Bank Stabilization at Accotink Creek
(Conservation Currents, Northern Virginia Soil and Water Conservation District)
Accotink Creek is the longest stream in Fairfax County, stretching about 32 miles from the City of Fairfax to the Gunston Cove. It begins with small feeder creeks and flows through Annandale and North Springfield and then passes through Lake Accotink.
Like many streams in Fairfax County, Accotink Creek has serious erosion. Development in the watershed has replaced absorbent soil and vegetation with impervious (nonporous) surface such as roofs, roads, and parking lots.
Below the dam of Lake Accotink is where the Virginia Department of Forestry (VDOF) and the Northern Virginia Soil and Water Conservation District (NVSWCD) demonstrated several stream bank stabilization techniques to 40 participants at the end of an intensive three-day workshop.
Jim McGlone is the assistant manager at Lake Accotink Park through which a stretch of Accotink Creek flows. He offered the site for the workshop because he is concerned about the ecosystem of the stream as well as the Potomac River into which the stream empties. He is particularly interested in maintaining the stream for its fish habitat. The park stocks the stream for trout fishing every spring and fall.
VDOF’s Judy Okay and NVSWCD’s Asad Rouhi showed the group several bioengineering techniques to protect the banks and improve habitat including biodegradable logs and erosion control matting, shrubs and live stakes, and cedar revetments. In addition, the group learned about structural practices including a-jacks and rock cross vanes. (Click here for definitions.)
The group donned its hip waders and jumped right in. Mike Blake of the John Marshall Soil and Water Conservation District in Fauquier County was impressed with what he saw and heard. “ We don’t do much with stream stabilization in Fauquier, so these techniques are new to me.”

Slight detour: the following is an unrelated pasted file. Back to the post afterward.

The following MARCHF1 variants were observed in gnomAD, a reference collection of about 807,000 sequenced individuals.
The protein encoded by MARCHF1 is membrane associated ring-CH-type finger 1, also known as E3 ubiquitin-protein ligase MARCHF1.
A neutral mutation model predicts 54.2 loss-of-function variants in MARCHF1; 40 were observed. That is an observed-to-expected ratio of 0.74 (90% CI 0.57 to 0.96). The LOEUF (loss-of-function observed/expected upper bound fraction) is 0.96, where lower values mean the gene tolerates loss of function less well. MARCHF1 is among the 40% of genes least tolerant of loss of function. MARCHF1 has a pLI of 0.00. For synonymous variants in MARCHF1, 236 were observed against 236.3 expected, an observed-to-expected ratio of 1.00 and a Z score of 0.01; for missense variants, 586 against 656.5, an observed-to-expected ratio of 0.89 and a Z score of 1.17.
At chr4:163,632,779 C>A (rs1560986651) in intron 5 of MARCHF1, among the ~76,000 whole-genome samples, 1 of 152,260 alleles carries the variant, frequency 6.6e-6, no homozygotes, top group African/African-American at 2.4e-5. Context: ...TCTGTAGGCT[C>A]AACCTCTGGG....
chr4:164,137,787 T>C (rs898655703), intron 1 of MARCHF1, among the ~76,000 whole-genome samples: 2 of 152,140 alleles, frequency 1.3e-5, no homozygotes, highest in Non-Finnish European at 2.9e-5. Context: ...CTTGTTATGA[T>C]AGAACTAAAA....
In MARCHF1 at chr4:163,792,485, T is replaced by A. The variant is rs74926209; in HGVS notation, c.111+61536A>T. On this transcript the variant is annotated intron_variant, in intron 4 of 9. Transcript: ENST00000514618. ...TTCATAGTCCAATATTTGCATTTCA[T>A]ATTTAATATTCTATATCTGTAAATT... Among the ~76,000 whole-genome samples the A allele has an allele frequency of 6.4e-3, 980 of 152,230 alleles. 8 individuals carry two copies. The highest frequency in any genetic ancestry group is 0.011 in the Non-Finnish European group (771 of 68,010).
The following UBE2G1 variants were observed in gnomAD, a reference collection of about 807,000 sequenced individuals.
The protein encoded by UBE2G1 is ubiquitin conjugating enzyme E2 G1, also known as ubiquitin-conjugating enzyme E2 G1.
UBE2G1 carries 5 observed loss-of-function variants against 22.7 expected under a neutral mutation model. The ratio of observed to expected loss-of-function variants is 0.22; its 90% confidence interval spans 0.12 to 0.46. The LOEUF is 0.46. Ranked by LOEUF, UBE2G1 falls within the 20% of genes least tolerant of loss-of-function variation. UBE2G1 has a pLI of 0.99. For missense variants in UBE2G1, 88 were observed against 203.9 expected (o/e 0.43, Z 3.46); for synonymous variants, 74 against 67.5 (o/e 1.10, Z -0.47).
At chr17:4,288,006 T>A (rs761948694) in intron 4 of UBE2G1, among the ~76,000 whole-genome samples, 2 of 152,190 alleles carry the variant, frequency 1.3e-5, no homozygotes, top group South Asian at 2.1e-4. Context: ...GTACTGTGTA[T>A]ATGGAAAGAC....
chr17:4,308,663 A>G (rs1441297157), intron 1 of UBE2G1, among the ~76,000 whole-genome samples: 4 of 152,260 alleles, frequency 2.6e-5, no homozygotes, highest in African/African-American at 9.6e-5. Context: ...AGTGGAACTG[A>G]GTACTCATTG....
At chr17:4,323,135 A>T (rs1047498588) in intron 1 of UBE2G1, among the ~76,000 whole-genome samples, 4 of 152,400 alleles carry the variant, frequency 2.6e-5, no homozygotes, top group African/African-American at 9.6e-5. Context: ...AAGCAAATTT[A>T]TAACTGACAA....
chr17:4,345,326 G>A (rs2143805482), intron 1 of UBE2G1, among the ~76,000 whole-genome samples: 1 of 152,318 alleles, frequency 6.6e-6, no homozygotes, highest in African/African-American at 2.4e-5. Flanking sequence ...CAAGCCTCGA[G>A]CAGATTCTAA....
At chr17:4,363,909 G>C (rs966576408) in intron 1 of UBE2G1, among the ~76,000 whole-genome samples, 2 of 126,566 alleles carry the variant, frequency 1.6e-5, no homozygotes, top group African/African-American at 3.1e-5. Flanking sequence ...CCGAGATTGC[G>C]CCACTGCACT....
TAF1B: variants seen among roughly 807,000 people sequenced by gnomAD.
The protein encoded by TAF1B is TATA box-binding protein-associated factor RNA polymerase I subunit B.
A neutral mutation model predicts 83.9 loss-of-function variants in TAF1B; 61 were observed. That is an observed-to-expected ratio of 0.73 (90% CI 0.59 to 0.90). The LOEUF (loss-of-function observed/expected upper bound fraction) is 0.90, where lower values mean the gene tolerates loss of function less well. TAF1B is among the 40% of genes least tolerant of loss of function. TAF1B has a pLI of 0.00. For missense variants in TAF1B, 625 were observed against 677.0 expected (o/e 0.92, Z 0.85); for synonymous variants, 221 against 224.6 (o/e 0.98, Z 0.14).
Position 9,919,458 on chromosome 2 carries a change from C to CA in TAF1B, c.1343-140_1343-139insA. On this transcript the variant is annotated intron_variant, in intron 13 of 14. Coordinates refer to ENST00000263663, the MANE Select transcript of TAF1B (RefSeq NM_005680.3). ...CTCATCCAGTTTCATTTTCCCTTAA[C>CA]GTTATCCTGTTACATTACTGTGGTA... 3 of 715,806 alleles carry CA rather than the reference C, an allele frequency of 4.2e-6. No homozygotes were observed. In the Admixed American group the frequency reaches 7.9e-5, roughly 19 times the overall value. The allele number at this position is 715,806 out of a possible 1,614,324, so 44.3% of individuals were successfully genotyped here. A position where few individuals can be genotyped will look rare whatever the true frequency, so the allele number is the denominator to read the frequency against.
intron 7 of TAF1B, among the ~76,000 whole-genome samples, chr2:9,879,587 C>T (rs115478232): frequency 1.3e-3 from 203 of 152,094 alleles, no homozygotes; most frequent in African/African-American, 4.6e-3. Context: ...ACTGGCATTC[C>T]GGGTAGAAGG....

Joining the workshop team was the Fairfax County Department of Public Works and Environmental Services, which operated the heavy equipment needed to lift the larger rocks in the cross vane.
An increasing number of local and county governments, homeowner associations, and watershed groups are seeking the services of the state forestry department and the conservation district for hands-on stream stabilization training.
A-jacks are three two-foot long porous cement stakes that fit together just like toy jacks. They are placed in a row along a trench at the toe of a stream so that each a-jack is interconnected with its neighbor. They add structural stability to the lower bank.
Biologs are tightly bound cylinders of coconut (coir) fiber held together by coir fiber netting. Generally, they come in lengths of 10-20 feet and diameters of 10-12 inches. They are installed at the toe of a bank. The material is tough, flexible, and absorbent. Once installed, the biolog becomes saturated with water, and vegetation can be planted directly in it. By the time the log degrades in seven or eight years, a root network of plants will have been established through and behind it.
A tree revetment consists of a row of trees that have been cut, moved into place, and anchored against the lower part of an eroding stream bank. Tree revetments protect the banks until other vegetation can grow. Cedar trees commonly are used for revetments.
Live stakes are branches cut from live but dormant trees and shrubs such as river birch, alder, red twig dogwood, or willow. They are stuck into the banks through biodegradable erosion control matting. The stakes will root and grow, holding soil in place and providing wildlife habitat. Fascines are tightly bound bundles of live stakes. Typically, fascines are placed in a shallow trench along the stream bank parallel to the stream.
Rock Cross Vane
A rock cross vane is a rock structure which extends upstream from both sides of the bank. Its purpose is to concentrate the flow in the middle of the stream, thus narrowing the flow path. As a result, it removes stress from the banks and prevents erosion. A rock cross vane increases the flow depth upstream from the structure, which improves fish habitat.